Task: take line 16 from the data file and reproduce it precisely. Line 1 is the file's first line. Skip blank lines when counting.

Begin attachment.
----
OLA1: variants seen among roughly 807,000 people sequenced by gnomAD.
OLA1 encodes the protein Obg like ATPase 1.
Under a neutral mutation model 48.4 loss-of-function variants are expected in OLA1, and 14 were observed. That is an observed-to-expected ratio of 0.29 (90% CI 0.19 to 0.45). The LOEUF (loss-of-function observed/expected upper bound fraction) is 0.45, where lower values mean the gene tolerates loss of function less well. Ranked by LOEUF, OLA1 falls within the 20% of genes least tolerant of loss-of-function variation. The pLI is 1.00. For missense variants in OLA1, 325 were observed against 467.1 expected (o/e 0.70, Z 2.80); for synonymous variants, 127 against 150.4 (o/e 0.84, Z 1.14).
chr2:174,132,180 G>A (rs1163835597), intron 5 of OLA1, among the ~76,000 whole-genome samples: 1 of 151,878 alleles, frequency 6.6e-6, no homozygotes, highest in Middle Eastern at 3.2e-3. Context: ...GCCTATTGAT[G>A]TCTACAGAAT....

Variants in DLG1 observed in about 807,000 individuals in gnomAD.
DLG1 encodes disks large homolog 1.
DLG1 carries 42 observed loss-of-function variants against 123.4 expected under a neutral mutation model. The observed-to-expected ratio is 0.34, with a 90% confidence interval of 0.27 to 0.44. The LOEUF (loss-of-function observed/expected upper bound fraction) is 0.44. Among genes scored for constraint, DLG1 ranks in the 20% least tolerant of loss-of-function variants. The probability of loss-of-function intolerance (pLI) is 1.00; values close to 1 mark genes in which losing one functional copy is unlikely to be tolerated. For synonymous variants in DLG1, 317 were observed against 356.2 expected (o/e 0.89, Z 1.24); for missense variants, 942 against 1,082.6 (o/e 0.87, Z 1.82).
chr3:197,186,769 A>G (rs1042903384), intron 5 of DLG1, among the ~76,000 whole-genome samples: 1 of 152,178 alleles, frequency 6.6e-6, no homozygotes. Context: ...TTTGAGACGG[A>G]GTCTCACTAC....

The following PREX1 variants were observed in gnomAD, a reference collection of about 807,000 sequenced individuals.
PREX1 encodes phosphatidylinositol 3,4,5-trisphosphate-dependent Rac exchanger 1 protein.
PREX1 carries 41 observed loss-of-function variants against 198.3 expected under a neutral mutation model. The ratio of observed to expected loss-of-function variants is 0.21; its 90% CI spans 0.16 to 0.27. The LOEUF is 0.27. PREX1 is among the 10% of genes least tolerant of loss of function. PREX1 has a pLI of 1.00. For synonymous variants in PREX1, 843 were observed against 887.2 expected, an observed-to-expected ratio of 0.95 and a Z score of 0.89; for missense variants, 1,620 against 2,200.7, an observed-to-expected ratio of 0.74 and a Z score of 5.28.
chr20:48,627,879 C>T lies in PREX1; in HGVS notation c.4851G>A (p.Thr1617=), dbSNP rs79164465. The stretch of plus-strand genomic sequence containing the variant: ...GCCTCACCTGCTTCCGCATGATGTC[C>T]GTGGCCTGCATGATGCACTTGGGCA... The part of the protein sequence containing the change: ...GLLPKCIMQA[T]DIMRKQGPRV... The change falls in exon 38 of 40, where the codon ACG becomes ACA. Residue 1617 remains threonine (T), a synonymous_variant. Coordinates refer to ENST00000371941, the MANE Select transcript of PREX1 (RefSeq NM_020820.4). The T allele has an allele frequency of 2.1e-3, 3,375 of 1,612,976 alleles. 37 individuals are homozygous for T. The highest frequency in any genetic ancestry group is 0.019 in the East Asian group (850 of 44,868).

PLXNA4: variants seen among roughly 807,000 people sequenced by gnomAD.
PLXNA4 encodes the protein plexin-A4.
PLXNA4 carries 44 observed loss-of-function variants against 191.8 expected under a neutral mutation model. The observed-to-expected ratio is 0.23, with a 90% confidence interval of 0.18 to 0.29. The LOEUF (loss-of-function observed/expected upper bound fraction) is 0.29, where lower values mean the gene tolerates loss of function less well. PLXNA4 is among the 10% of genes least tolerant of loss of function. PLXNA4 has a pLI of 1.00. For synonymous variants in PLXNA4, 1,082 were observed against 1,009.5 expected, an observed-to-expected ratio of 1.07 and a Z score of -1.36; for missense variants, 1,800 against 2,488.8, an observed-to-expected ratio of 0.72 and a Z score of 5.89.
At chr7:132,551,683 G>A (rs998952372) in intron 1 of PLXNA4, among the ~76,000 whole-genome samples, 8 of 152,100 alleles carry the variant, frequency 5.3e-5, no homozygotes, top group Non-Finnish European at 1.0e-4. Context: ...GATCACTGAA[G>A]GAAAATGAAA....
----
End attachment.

At chr7:132,551,683 G>A (rs998952372) in intron 1 of PLXNA4, among the ~76,000 whole-genome samples, 8 of 152,100 alleles carry the variant, frequency 5.3e-5, no homozygotes, top group Non-Finnish European at 1.0e-4. Context: ...GATCACTGAA[G>A]GAAAATGAAA....